Center for Southeast Asian Studies, Kyoto University
(with Rika Shimizu, Koji Seo, Varaporn Vuddhakul,
Abdul Aziz Djamal, and Yoshitsugu Nakaguchi)
Vibrio parahaemolyticus is a marine bacterium and a virulent strain of this bacterium can cause diarrhea through consumption of contaminated seafood. Our collaborative studies starting in India and extending into a multinational collaboration demonstrated that a new clone of V. parahaemolyticus emerged around 1996 in Asia and the infection spread to various parts of the world. The number of the infections was very high, and was therefore deemed a pandemic of V. parahaemolyticus infection for the first time in the history of V. parahaemolyticus study. We have reported extensive infections by the new clone of V. parahaemolyticus in Thailand. The studies in Thailand also demonstrated bivalve mollusks including bloody clam (Anadara granosa), hard clam (Meretrix lusoria), and green mussel (Perna viridis) are the source of the infection by the new clone of V. parahaemolyticus.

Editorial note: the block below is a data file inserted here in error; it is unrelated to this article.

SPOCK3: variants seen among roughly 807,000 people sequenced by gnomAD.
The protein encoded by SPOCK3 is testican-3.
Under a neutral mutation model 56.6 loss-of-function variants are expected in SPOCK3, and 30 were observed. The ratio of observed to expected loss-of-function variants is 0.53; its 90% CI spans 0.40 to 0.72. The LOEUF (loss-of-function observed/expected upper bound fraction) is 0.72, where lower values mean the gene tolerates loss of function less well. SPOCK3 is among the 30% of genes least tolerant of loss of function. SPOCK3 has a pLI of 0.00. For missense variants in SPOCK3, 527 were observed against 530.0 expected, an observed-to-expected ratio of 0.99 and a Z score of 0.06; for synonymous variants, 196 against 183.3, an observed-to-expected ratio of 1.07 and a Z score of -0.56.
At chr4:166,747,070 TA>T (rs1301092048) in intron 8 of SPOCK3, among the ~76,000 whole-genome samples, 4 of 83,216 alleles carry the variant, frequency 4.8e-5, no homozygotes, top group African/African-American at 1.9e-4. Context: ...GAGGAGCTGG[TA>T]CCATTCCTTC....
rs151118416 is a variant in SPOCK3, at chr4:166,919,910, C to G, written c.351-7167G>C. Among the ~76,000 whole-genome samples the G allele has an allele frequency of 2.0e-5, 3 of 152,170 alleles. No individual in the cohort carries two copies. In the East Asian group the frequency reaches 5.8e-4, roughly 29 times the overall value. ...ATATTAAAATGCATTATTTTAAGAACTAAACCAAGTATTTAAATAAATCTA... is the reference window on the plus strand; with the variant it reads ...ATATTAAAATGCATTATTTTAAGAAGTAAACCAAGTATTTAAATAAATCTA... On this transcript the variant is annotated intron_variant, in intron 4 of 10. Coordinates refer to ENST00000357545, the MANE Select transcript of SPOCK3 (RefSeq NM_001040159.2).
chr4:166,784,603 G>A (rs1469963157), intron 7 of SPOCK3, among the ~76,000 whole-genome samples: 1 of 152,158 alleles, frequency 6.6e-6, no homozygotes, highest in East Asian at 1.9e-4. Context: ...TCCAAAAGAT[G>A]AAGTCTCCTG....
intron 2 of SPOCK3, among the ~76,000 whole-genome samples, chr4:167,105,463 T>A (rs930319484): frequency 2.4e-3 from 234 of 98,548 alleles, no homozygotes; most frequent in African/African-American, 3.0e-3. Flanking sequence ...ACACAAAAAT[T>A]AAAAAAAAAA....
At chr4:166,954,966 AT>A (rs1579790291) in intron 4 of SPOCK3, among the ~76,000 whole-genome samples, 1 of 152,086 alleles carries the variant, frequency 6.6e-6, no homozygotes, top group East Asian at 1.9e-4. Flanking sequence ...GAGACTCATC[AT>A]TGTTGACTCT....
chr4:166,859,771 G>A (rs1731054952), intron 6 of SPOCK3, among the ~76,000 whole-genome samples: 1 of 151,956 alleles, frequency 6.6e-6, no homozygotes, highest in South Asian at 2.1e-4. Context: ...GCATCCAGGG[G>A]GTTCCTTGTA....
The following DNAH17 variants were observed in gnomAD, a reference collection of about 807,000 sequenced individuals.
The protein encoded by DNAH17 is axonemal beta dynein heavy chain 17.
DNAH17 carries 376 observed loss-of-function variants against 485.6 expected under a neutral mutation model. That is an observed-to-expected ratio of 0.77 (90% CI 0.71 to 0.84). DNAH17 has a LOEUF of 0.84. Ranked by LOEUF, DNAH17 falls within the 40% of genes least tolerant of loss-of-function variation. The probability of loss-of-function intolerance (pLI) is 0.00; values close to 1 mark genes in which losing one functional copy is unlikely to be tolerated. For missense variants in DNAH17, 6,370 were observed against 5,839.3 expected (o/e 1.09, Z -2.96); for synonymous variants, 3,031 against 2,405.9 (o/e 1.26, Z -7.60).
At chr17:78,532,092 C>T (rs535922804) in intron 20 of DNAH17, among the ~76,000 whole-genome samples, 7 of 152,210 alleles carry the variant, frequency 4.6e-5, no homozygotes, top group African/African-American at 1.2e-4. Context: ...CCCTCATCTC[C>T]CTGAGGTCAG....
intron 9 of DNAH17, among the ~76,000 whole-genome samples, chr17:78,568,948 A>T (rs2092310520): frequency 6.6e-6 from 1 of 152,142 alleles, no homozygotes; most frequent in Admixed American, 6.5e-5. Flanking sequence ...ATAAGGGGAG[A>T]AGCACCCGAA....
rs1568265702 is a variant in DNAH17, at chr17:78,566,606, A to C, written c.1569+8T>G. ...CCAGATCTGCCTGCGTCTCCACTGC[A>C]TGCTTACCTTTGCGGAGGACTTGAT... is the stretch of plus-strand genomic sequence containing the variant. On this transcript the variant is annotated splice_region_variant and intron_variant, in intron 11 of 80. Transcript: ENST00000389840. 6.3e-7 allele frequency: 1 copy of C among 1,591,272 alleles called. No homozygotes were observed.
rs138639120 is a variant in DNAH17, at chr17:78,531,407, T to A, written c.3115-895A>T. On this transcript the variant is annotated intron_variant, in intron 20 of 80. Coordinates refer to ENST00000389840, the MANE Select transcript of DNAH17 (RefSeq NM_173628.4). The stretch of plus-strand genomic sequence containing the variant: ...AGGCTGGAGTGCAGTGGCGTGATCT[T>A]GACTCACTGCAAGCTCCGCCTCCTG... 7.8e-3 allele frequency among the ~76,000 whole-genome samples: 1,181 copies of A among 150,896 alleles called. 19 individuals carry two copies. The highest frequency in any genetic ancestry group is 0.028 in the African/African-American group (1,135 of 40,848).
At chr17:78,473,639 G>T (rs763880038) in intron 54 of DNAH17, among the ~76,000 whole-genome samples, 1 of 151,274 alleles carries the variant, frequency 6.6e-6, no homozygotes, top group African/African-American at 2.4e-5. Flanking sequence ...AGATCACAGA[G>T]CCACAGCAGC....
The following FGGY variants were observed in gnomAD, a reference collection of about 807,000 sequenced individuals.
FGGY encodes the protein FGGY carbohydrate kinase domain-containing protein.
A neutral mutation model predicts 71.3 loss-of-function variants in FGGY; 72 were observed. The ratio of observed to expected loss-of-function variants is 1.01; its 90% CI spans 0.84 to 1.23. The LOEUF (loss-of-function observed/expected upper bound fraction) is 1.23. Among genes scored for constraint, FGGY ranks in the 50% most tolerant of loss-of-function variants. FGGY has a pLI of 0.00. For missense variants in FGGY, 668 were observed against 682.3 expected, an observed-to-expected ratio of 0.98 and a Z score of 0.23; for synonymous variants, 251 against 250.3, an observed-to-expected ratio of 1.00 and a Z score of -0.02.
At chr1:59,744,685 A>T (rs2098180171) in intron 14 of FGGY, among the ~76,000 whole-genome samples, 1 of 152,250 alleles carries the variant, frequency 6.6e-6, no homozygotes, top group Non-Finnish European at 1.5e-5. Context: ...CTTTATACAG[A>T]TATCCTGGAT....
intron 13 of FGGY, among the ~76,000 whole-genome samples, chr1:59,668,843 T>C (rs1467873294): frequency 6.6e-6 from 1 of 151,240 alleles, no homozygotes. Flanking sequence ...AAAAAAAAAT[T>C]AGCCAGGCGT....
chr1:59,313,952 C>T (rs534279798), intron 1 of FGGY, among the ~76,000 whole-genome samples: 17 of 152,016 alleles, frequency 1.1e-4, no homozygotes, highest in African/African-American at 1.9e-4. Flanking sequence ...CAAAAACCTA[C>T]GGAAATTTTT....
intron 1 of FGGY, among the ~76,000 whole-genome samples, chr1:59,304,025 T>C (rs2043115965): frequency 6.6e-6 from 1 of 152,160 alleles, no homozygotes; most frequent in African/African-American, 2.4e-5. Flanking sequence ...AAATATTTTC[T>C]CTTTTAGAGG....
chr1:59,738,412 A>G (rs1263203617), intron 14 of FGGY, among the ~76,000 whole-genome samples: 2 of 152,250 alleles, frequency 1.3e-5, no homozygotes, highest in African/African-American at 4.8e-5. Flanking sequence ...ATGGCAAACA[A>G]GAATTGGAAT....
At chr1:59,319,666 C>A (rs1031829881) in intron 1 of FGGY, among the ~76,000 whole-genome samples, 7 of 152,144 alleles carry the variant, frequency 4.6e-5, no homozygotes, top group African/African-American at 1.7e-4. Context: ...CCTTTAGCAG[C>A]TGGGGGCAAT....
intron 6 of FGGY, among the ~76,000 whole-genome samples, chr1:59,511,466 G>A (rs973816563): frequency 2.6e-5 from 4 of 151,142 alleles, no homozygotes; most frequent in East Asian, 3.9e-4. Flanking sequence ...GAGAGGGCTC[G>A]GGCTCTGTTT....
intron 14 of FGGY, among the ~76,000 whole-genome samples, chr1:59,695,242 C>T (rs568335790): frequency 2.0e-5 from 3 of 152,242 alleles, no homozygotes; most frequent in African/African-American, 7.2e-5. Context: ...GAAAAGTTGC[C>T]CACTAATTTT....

Around Padang, West Sumatora in Indonesia, we did not find patients infected with V. parahaemolyticus among those with diarrhea in spite of an extensive effort although the bivalves sold in this area are contaminated with virulent strains of V. parahaemolyticus. Eating habits of bivalve mollusks was investigated in this area. Comparison of the result of investigation and that in Thailand suggested different eating habits cultivated by tradition, culture, and religion may explain the difference in infection by V. parahaemolyticus between the two countries. The results of these studies may allow us to conclude that improvement of eating habits can be a very effective means for prevention of V. parahaemolyticus infection.
(Presented in the International Conference – Thai Food Heritage: Local to Global, 4-6 August 2009, Tawana Bangkok Hotel, Bangkok, organized by The Project of Empowering Network for International Thai Studies (ENITS), Institute of Thai Studies, Chulalongkorn University with support from the Thailand Research Fund (TRF))